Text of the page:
On the morning of November 13, 2013 at Sotheby’s Geneva, it was hot. During the season the auction House put its fourth most special diamond up for sale. And it became a desirable piece for many. Following the 60 cts “Pink Star”, 118 cts oval-cut D-Flawless Type IIa diamond, as well as the 7.59 cts fancy vivid blue diamond, the sophisticated audience was presented with a 96.62 cts fancy yellow vivid VS2 diamond.
The lot’s provenance and unusual frame only added to the special value. For nearly half a century, it was owned by an opera singer, Hanna Walska, born as Anna Pugach. She had received a diamond as a gift from one of her six spouses. This woman didn’t have much singing talent, but she was excellent at collecting rich husbands and outstanding jewelry. In 1936, the US press association estimated Walska’s financial position, acquired from the “correct” marriages, as $125 million. She spent about a twelfth of this sum on unsuccessful attempts to be an opera singer. Perhaps nobody would remember this woman if she hadn’t collected her jewelry assemblage.
When and where the diamond was purchased, nobody knows. During the Roaring Twenties, Cartier jewelers set it in a pendant. Hanna wore the piece for many years like a sautoir on a long chain. In 1971, to the surprise of many, Madame Walska decided to sell her entire collection of jewelry. For her last few decades she lived in the Lotusland garden near Santa Barbara. And she needed money to maintain it. At a New York auction for 146 lots the House of Sotheby’s generated $916,000 (equivalent to $ 5,289,662.52 today). It was double that of initially expected.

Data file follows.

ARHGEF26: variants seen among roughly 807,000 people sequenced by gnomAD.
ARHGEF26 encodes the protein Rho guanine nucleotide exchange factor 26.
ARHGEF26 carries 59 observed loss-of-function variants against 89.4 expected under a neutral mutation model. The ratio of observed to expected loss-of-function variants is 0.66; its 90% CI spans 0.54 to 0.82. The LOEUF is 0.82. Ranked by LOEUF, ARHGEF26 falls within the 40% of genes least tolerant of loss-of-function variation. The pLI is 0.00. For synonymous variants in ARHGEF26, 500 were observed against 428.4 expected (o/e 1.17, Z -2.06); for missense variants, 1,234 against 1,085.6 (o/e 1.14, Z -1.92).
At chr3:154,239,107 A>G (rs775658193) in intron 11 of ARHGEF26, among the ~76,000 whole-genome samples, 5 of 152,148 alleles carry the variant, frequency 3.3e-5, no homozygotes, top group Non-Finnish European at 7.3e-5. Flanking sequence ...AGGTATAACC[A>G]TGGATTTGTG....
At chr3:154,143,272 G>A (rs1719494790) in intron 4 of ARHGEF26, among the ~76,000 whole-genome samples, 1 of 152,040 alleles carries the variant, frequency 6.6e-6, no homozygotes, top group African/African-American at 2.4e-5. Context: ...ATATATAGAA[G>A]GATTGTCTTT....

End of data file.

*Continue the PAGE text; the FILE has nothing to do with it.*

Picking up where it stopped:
“The Paradise Bird” brooch
The 96.62 cts fancy yellow vivid VS2 diamond was purchased by Van Cleef & Arpels’s agents, who immediately called it “Walska”. A year later, commissioned by an important American client, the stone was set into a transformable Bird brooch. Thanks to its hidden mechanism the wings could be turned into earrings, the tail into a smaller brooch, and the legendary diamond into a pendant — the same that was so beloved by Hanna.
The Museum collection of Van Cleef & Arpels
The piece was a part of the client’s collection for about forty years. Then it was resold in 2011, and then again in 2013. Currently it is part of the Van Cleef & Arpels museum’s collection. The brooch was acquired for a record 9,685,000 Swiss francs.